Thus, a good case can be made for serious consideration of adding a tobacco harm reduction (THR) component to current tobacco-control programming. Such an initiative would publicly compare the risks of e-cigs and other smokeless products to cigarettes. This would encourage smokers who are unable or unwilling to quit to switch to a lowerrisk product. As seen by this author, THR would likely yield reductions in tobacco-related illness and death not otherwise achievable, and do so while continuing to reduce teen recruitment to nicotine addiction.

Beliefs that underlie the FDA’s refusal to consider tobacco harm reduction appear to include the following:

  1. Non-pharmaceutical nicotine products are considered to have harms, but no benefits. Thus, evidence that self-administered nicotine offers cognitive/behavioral benefits for persons with schizophrenia, depression and bipolar disorder has not been considered. With no consideration of potential benefits, endorsement of low-risk products as substitutes for cigarettes is not on the tobacco-policy table for discussion.
  2. Tobacco use is considered a disease, not a behavior. Study designs appropriate to address long-term behavioral change are not considered. This, too, rules out consideration of low-risk products as substitutes for cigarettes.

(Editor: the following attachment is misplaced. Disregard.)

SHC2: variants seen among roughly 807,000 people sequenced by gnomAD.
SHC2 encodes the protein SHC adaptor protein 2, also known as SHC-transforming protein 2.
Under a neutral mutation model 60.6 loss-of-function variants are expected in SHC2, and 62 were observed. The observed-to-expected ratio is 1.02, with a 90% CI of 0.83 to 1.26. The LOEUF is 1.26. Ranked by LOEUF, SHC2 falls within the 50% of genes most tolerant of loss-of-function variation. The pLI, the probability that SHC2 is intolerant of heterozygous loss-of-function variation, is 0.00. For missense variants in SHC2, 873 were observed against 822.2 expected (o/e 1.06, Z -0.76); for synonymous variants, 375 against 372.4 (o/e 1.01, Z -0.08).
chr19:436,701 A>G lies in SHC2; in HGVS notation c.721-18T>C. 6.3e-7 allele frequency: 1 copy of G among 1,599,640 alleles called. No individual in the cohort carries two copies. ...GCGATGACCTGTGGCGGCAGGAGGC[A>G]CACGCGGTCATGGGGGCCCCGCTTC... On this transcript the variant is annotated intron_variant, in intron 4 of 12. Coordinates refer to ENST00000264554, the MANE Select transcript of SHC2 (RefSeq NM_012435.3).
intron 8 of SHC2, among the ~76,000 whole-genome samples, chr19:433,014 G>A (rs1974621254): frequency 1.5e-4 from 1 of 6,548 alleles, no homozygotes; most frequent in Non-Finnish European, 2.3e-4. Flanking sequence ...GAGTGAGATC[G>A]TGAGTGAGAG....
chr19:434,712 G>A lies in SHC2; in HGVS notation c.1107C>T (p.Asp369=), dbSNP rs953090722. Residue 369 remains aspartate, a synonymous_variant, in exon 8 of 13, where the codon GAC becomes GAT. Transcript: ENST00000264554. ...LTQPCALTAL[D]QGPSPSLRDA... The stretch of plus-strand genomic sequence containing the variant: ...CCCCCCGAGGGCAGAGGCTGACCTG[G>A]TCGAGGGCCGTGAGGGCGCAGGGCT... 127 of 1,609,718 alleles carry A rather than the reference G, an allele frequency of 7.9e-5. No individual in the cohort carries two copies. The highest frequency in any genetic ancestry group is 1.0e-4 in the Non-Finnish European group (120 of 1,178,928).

3. The primary determinant of risk is considered to be the chemical composition of the product. This belief contradicts the fact that it is the class of tobacco product, whether combusted or smoke-free, that determines both its addictiveness and its risk of potentially fatal tobacco-attributable illness. This belief imposes requirements for unnecessarily detailed product-specific chemical analyses and population studies if a manufacturer is to seek approval for a new product or request MRTP status. These are regulatory burdens not placed on the major cigarette brands.
  4. Pharmaceutical nicotine-delivery products (patches, gums, etc.) are treated by the FDA as if they have no nicotine. These are the nicotine products most accessible to minors. They are sold on open shelves in a variety of candy and fruit flavors without enforcement of age restrictions. They are approved for unlimited use as to dose and duration, for simultaneous use of multiple products and for use by those who continue to smoke. They are advertised on television. Tobacco-related surveillance systems do not track use of these products.

Despite the absence of combustion and tar, the low concentration of the other toxins in cigarette smoke, and e-cigs’ failure to recruit non-smoking teens to continuing nicotine use, proposed deeming regulations address e-cigs as if they are as hazardous and addictive as tobacco cigarettes. Despite evidence to the contrary, public-health authorities continue to allege that these products increase teen cigarette use. A science-based regulatory agenda would not remove low-risk products from the market by imposing unbearable regulatory costs. It would seriously consider and fund research into possible benefits of low risk products, consider feasible approaches to tobacco harm reduction, and refrain from misleading public statements.